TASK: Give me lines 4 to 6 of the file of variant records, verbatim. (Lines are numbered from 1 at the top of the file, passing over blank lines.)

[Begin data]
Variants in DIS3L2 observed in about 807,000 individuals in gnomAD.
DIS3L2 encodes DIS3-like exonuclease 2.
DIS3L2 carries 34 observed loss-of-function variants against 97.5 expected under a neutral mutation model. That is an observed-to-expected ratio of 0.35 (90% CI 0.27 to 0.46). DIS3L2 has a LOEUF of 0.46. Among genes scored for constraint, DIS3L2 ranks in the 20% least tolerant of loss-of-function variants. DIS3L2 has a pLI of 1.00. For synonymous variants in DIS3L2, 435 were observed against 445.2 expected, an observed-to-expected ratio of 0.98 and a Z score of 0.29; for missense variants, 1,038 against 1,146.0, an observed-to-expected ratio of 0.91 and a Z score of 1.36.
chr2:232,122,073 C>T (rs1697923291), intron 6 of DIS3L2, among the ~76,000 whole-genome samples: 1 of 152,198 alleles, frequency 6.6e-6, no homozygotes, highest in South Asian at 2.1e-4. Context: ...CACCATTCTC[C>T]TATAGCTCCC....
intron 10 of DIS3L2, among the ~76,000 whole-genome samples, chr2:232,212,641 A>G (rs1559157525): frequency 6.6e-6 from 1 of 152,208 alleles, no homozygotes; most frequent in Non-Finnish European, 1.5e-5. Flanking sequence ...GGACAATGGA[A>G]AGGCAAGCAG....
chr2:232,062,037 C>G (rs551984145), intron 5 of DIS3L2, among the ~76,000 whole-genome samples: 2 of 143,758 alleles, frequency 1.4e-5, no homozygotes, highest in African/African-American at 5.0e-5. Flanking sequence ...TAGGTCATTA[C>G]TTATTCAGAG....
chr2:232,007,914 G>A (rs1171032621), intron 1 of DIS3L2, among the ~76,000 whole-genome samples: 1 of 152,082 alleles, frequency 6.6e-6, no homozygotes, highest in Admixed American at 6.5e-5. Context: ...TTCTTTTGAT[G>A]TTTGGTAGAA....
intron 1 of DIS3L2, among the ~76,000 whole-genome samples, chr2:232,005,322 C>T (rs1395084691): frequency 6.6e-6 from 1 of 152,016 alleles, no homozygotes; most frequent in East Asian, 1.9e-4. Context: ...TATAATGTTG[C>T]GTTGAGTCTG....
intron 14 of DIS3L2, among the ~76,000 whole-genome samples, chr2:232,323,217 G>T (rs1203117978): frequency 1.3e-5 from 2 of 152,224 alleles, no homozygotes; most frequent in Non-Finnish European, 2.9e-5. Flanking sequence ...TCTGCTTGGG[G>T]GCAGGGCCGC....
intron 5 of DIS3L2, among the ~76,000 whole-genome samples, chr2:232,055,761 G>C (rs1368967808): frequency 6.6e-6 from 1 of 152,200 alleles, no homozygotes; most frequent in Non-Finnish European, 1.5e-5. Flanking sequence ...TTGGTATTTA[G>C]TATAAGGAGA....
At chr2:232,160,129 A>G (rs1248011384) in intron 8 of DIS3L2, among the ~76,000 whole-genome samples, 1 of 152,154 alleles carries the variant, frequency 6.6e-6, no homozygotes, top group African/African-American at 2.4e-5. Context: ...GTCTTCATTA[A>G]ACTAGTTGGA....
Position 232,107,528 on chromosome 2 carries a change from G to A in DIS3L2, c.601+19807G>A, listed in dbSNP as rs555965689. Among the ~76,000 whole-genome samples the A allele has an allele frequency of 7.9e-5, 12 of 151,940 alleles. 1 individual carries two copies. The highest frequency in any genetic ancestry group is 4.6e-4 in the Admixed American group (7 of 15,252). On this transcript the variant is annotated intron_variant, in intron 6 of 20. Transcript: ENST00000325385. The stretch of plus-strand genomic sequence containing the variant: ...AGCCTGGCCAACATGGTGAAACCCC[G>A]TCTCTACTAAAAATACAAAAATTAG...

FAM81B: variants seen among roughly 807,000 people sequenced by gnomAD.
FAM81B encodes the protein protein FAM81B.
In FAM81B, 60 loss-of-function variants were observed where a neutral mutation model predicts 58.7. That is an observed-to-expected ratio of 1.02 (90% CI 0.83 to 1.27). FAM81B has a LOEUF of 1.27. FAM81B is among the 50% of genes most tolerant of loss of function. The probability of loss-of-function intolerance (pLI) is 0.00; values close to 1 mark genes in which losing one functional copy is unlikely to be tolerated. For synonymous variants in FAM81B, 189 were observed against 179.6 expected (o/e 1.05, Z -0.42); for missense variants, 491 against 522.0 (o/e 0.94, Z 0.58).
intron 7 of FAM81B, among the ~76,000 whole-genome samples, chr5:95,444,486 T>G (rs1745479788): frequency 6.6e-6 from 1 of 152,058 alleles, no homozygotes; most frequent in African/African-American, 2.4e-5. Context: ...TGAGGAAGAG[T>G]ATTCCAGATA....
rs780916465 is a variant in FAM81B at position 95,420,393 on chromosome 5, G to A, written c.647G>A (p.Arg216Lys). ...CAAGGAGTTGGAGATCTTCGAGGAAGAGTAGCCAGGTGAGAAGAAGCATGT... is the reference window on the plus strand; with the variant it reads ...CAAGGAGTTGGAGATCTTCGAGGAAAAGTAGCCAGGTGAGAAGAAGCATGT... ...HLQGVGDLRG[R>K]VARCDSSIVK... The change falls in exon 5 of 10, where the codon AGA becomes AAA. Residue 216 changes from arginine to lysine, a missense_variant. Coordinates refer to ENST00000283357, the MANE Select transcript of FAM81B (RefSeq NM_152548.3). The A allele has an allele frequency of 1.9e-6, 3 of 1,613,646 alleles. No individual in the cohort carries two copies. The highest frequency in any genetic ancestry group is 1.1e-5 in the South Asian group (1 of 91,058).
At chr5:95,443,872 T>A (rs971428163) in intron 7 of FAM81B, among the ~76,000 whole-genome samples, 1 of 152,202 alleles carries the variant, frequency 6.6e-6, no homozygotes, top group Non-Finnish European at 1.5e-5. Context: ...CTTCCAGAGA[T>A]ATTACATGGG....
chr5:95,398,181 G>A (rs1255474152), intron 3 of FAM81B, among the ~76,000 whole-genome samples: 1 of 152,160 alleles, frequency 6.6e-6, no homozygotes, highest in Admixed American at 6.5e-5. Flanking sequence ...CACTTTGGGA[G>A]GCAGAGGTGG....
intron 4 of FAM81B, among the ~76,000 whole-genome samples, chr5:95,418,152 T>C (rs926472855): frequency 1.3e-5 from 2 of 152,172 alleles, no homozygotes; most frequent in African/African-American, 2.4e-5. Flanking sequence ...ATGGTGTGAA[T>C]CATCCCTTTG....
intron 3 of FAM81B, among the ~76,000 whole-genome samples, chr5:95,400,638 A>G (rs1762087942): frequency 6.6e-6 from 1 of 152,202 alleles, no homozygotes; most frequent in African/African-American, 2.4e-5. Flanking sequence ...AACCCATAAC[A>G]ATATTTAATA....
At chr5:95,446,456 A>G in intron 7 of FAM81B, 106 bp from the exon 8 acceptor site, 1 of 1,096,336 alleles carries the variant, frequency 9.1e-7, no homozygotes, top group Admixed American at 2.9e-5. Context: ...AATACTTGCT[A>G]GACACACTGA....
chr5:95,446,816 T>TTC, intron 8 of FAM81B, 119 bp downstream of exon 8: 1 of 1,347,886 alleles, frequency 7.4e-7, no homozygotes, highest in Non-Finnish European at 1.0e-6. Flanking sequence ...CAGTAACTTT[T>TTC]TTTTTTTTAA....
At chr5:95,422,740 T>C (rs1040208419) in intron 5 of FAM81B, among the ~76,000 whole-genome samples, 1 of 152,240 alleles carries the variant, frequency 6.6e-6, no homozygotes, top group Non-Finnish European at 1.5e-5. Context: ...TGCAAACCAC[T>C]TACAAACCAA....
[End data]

chr2:232,122,073 C>T (rs1697923291), intron 6 of DIS3L2, among the ~76,000 whole-genome samples: 1 of 152,198 alleles, frequency 6.6e-6, no homozygotes, highest in South Asian at 2.1e-4. Context: ...CACCATTCTC[C>T]TATAGCTCCC....
intron 10 of DIS3L2, among the ~76,000 whole-genome samples, chr2:232,212,641 A>G (rs1559157525): frequency 6.6e-6 from 1 of 152,208 alleles, no homozygotes; most frequent in Non-Finnish European, 1.5e-5. Flanking sequence ...GGACAATGGA[A>G]AGGCAAGCAG....
chr2:232,062,037 C>G (rs551984145), intron 5 of DIS3L2, among the ~76,000 whole-genome samples: 2 of 143,758 alleles, frequency 1.4e-5, no homozygotes, highest in African/African-American at 5.0e-5. Flanking sequence ...TAGGTCATTA[C>G]TTATTCAGAG....